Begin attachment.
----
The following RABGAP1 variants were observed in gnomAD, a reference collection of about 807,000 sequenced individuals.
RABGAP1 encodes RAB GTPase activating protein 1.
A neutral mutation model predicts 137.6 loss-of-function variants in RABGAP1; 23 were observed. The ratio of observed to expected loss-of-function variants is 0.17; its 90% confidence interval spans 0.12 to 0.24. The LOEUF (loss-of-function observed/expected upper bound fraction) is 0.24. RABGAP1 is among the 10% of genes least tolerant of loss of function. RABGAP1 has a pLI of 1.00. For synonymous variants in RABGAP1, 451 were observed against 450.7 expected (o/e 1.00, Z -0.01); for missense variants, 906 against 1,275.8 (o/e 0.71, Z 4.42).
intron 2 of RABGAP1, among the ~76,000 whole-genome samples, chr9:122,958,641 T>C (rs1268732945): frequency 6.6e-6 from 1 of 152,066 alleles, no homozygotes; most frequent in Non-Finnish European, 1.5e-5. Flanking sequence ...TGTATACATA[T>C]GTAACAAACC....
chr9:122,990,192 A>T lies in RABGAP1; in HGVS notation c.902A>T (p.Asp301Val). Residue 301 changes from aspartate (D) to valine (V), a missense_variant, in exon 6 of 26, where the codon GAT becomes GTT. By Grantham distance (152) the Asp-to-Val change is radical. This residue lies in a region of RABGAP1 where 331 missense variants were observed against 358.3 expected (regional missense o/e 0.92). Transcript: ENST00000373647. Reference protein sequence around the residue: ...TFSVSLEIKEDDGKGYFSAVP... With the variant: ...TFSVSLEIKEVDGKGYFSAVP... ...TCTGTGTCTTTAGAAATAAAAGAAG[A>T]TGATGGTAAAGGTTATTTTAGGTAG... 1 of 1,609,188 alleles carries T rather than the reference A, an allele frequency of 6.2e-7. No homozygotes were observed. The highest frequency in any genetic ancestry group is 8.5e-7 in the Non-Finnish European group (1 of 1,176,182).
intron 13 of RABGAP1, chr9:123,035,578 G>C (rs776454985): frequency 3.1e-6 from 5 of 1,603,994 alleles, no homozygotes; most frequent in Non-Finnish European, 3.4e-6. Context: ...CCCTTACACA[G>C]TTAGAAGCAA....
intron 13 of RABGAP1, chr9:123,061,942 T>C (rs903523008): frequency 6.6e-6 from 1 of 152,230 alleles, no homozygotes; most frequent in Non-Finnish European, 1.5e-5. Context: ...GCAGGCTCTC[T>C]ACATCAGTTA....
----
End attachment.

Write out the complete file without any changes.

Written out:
The following RABGAP1 variants were observed in gnomAD, a reference collection of about 807,000 sequenced individuals.
RABGAP1 encodes RAB GTPase activating protein 1.
A neutral mutation model predicts 137.6 loss-of-function variants in RABGAP1; 23 were observed. The ratio of observed to expected loss-of-function variants is 0.17; its 90% confidence interval spans 0.12 to 0.24. The LOEUF (loss-of-function observed/expected upper bound fraction) is 0.24. RABGAP1 is among the 10% of genes least tolerant of loss of function. RABGAP1 has a pLI of 1.00. For synonymous variants in RABGAP1, 451 were observed against 450.7 expected (o/e 1.00, Z -0.01); for missense variants, 906 against 1,275.8 (o/e 0.71, Z 4.42).
intron 2 of RABGAP1, among the ~76,000 whole-genome samples, chr9:122,958,641 T>C (rs1268732945): frequency 6.6e-6 from 1 of 152,066 alleles, no homozygotes; most frequent in Non-Finnish European, 1.5e-5. Flanking sequence ...TGTATACATA[T>C]GTAACAAACC....
chr9:122,990,192 A>T lies in RABGAP1; in HGVS notation c.902A>T (p.Asp301Val). Residue 301 changes from aspartate (D) to valine (V), a missense_variant, in exon 6 of 26, where the codon GAT becomes GTT. By Grantham distance (152) the Asp-to-Val change is radical. This residue lies in a region of RABGAP1 where 331 missense variants were observed against 358.3 expected (regional missense o/e 0.92). Transcript: ENST00000373647. Reference protein sequence around the residue: ...TFSVSLEIKEDDGKGYFSAVP... With the variant: ...TFSVSLEIKEVDGKGYFSAVP... ...TCTGTGTCTTTAGAAATAAAAGAAG[A>T]TGATGGTAAAGGTTATTTTAGGTAG... 1 of 1,609,188 alleles carries T rather than the reference A, an allele frequency of 6.2e-7. No homozygotes were observed. The highest frequency in any genetic ancestry group is 8.5e-7 in the Non-Finnish European group (1 of 1,176,182).
intron 13 of RABGAP1, chr9:123,035,578 G>C (rs776454985): frequency 3.1e-6 from 5 of 1,603,994 alleles, no homozygotes; most frequent in Non-Finnish European, 3.4e-6. Context: ...CCCTTACACA[G>C]TTAGAAGCAA....
intron 13 of RABGAP1, chr9:123,061,942 T>C (rs903523008): frequency 6.6e-6 from 1 of 152,230 alleles, no homozygotes; most frequent in Non-Finnish European, 1.5e-5. Context: ...GCAGGCTCTC[T>C]ACATCAGTTA....